|Abiotic Stresses Modulate Landscape of Poplar Transcriptome via Alternative Splicing, Differential Intron Retention, and Isoform Ratio Switching.
|Year of Publication
|Filichkin, SA, Hamilton, M, Dharmawardhana, PD, Singh, SK, Sullivan, C, Ben-Hur, A, Reddy, ASN, Jaiswal, P
|Frontiers in plant science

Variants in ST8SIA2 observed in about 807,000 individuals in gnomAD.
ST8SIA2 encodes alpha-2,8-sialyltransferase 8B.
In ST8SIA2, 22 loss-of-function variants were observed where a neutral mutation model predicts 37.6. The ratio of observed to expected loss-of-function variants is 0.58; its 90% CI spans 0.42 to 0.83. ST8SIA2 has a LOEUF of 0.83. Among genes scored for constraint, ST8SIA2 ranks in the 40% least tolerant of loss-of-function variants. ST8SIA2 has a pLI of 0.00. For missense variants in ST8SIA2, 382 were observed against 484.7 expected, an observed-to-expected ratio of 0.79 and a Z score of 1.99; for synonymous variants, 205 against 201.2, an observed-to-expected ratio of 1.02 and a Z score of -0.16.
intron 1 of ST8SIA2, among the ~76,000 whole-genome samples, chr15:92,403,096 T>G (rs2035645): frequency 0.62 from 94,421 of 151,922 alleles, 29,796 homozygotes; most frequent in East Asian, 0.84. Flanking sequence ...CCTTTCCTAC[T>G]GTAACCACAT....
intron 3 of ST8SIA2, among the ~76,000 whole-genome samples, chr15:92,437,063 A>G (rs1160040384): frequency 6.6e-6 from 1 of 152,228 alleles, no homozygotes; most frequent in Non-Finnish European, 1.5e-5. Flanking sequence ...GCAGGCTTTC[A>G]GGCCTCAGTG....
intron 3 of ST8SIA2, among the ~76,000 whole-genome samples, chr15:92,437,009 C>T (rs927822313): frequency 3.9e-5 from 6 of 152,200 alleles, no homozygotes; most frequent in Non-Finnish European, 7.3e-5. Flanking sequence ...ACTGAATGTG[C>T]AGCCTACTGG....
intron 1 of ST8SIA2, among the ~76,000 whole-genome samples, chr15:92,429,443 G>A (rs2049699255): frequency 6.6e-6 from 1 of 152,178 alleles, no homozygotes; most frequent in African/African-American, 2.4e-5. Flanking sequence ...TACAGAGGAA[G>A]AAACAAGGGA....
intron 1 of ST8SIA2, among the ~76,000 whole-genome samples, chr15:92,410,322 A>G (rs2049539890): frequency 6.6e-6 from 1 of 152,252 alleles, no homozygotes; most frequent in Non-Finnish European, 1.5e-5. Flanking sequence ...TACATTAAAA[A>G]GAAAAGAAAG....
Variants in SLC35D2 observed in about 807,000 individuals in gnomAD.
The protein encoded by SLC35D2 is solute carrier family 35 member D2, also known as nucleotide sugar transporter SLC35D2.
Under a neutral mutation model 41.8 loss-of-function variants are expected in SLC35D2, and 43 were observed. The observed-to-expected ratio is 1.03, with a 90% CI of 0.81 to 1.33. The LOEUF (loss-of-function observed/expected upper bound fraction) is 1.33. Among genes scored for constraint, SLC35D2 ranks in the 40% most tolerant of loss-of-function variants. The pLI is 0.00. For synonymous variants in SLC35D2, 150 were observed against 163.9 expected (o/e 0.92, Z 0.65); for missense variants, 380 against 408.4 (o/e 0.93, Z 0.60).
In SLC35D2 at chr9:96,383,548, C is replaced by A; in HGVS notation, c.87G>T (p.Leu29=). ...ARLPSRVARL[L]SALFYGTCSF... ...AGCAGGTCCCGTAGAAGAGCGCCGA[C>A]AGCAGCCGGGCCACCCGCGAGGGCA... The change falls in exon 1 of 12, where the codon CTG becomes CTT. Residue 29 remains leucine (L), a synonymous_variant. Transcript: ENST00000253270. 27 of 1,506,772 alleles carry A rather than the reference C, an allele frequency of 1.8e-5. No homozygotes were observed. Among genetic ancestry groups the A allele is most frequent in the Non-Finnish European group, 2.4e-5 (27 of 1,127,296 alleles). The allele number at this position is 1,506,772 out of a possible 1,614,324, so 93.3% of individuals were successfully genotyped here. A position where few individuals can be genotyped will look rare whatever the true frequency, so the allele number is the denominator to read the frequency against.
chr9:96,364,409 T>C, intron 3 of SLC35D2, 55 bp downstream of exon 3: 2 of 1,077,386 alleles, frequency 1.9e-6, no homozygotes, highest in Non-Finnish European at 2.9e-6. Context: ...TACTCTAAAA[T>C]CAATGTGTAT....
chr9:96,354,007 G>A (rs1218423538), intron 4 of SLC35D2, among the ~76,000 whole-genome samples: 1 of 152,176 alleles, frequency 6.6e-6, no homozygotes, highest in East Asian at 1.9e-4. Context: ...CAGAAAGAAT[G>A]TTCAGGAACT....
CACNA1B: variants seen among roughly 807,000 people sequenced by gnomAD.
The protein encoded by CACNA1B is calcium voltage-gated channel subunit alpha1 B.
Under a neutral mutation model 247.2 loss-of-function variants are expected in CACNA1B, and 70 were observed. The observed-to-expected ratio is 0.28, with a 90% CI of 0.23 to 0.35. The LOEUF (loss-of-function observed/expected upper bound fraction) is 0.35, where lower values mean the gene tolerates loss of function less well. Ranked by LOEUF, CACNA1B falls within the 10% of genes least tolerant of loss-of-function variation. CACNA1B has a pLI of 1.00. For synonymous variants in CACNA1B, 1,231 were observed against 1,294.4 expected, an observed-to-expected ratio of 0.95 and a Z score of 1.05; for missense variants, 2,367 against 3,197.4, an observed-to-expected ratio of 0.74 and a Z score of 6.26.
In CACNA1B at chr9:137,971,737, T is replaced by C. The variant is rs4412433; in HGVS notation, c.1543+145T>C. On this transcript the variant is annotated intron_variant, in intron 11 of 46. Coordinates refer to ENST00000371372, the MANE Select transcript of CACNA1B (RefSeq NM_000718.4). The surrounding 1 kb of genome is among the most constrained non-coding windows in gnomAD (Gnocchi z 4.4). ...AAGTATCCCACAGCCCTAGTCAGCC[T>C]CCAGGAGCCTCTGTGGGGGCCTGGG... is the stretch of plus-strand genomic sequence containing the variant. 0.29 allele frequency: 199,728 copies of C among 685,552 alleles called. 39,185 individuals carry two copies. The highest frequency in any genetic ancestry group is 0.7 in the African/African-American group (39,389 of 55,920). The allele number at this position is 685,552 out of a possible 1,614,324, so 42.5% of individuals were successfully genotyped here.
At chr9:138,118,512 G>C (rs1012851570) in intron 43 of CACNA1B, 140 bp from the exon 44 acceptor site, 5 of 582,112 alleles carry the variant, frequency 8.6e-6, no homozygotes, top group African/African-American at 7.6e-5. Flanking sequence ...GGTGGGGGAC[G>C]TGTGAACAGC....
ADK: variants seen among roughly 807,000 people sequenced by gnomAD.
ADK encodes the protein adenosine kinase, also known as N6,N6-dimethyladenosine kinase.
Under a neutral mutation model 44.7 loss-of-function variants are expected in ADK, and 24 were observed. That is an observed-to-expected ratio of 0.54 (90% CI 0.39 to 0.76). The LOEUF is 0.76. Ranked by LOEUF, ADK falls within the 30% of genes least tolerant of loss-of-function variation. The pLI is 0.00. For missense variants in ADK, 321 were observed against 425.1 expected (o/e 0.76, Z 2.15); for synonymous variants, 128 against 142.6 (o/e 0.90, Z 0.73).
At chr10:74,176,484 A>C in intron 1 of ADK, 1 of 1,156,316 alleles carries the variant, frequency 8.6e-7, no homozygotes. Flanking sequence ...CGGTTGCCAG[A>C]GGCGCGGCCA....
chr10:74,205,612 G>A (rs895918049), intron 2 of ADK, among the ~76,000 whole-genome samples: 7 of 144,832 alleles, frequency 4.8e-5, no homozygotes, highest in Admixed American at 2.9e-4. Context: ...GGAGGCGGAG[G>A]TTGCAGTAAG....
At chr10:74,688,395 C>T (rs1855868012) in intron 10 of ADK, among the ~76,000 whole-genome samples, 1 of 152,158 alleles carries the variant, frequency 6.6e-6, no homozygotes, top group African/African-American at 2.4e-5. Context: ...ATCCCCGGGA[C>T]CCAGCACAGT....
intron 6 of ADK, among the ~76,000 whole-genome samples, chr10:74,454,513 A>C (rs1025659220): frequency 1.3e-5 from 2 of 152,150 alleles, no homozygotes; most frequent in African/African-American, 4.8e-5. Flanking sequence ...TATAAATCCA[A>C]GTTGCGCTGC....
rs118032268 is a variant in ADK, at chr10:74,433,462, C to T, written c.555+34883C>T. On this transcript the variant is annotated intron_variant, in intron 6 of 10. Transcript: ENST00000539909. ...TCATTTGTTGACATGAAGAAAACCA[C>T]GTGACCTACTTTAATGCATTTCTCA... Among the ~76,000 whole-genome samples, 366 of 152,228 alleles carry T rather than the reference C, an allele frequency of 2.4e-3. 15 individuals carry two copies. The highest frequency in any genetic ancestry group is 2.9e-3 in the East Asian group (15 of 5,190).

Abiotic stresses affect plant physiology, development, growth, and alter pre-mRNA splicing. Western poplar is a model woody tree and a potential bioenergy feedstock. To investigate the extent of stress-regulated alternative splicing (AS), we conducted an in-depth survey of leaf, root, and stem xylem transcriptomes under drought, salt, or temperature stress. Analysis of approximately one billion of genome-aligned RNA-Seq reads from tissue- or stress-specific libraries revealed over fifteen millions of novel splice junctions. Transcript models supported by both RNA-Seq and single molecule isoform sequencing (Iso-Seq) data revealed a broad array of novel stress- and/or tissue-specific isoforms. Analysis of Iso-Seq data also resulted in the discovery of 15,087 novel transcribed regions of which 164 show AS. Our findings demonstrate that abiotic stresses profoundly perturb transcript isoform profiles and trigger widespread intron retention (IR) events. Stress treatments often increased or decreased retention of specific introns - a phenomenon described here as differential intron retention (DIR). Many differentially retained introns were regulated in a stress- and/or tissue-specific manner. A subset of transcripts harboring super stress-responsive DIR events showed persisting fluctuations in the degree of IR across all treatments and tissue types. To investigate coordinated dynamics of intron-containing transcripts in the study we quantified absolute copy number of isoforms of two conserved transcription factors (TFs) using Droplet Digital PCR. This case study suggests that stress treatments can be associated with coordinated switches in relative ratios between fully spliced and intron-retaining isoforms and may play a role in adjusting transcriptome to abiotic stresses.